Similarly, instead of diffusing its influence by spending on issues on a national scale, the foundation realized it could be more effective by sharpening its attention on problems at home.

"With finite resoures," John Danforth said, "and something as infinite as secondary education or K-12 education, to have any real impact you have to focus your resources, and we thought what better than St. Louis? Let's turn our attention to St. Louis."

The results, they acknowledge, have been mixed. They point to the Plant Science Center as an institution they feel will have lasting impact and will help establish the region as a center for a field whose importance will grow. When it comes to an effort like St. Louis 2004, which John Danforth spearheaded, he admits that the results were "a mixed bag."

"Part of what it did was very good and lasting," he said. "The parks and trails that were established were a great thing for St. Louis, and they built on existing strengths that we had, built something that was lasting. Some things downtown, like Washington Avenue and the Old Post Office, also worked out well

"The problem with St. Louis 2004 was its eyes were bigger than its stomach. It was too broad and diffuse. I think it's better to focus on a few big things than a lot of littler things. But I think there was a lot of community engagement, and people were interested in what was going on."

Peter Sortino, who was president of St. Louis 2004, then filled the same role at the Danforth Foundation in its closing years, said strategic investment was important in both efforts. He cited the Merchandise Mart downtown as an early example of the housing boom that took off later but was having a difficult time getting off the ground.

"There wasn't a lot of other housing going on," he said. "That was a project that was almost there. It was on the three-yard line, and it needed that final push to make it happen. Then, it created a platform for a lot of the other development that followed. We didn't stay in the business of residential financing after that because it kind of took on a life of its own.

"That's the way we wanted to work: Make an investment that will lead to change. You don't have to be in that market forever."

All three men agreed that the spending of the foundation was not perfect, and they'd like to be able to get back some of the money they put into certain projects and spend it elsewhere.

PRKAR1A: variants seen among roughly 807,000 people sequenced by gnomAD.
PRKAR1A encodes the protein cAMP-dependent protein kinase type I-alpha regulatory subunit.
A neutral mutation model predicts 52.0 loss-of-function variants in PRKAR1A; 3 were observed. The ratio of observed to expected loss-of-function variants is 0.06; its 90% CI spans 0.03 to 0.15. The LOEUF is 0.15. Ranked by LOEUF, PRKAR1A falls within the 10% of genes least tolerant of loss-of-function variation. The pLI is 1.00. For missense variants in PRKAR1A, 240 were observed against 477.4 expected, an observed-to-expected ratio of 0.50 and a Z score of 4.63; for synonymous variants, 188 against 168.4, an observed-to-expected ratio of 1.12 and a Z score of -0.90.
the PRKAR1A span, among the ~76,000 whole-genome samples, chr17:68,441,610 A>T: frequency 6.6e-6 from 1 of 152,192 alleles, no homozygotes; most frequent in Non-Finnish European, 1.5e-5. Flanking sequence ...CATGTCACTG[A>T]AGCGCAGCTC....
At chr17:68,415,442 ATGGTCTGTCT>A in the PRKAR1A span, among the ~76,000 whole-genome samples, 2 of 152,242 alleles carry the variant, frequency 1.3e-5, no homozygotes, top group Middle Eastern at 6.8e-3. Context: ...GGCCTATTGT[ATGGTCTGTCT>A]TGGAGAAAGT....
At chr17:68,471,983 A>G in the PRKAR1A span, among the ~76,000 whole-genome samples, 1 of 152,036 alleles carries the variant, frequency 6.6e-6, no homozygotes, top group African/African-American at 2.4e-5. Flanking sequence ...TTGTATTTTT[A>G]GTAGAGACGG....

"But you don't know that until later," William Danforth said, prompting his brother John to add:

"And isn't that true to life, the way people spend their own money? You do your best as you see it at the time, and only later do you think that you could have done it better."

"My only regret," William Danforth responded, "is that we don't have more money to spend."

Building on Success

They are proud at how the institutions they helped have grown strong and have in turn been able to help strengthen the region around them. At Washington University, for example, where the present value of gifts from the foundation amounts to $1.3 billion, William Danforth points out how it has become not just an educational institution but an "economic engine for St. Louis, bringing in creative faculty who are doing things and nurturing business leaders and physicians.

"We've helped make St. Louis a center for the life sciences and have hundreds of millions of dollars coming in, and I hope that will be true for plant science center as well. We need to keep the economy of our region strong."

That work will now be left to others, and they think their successors in the philanthropy field are up to the task, as unending as it might seem.

"There are scores, maybe hundreds of organizations in St. Louis that are trying to do good work," William Danforth said.

"There's never going to be enough money to satisfy all the needs and all the wonderful things that could be done. But I am a big believer in institutions. I think institutions can carry forward dreams after we have moved on, and if you do them right they can be very helpful. That's just something that has always appealed to me. You have to think about how it's going to be carried on."

"I don't think there was ever any interest in the Danforth Foundation itself being a permanent institution," John Danforth added. "What is better for St. Louis, to have a foundation that just goes on and on, or to have institutions which are strong and which are world-class? That's certainly true of Washington University, and we believe it will be true of the Plant Science Center. It's better to do big things than to keep yourself going."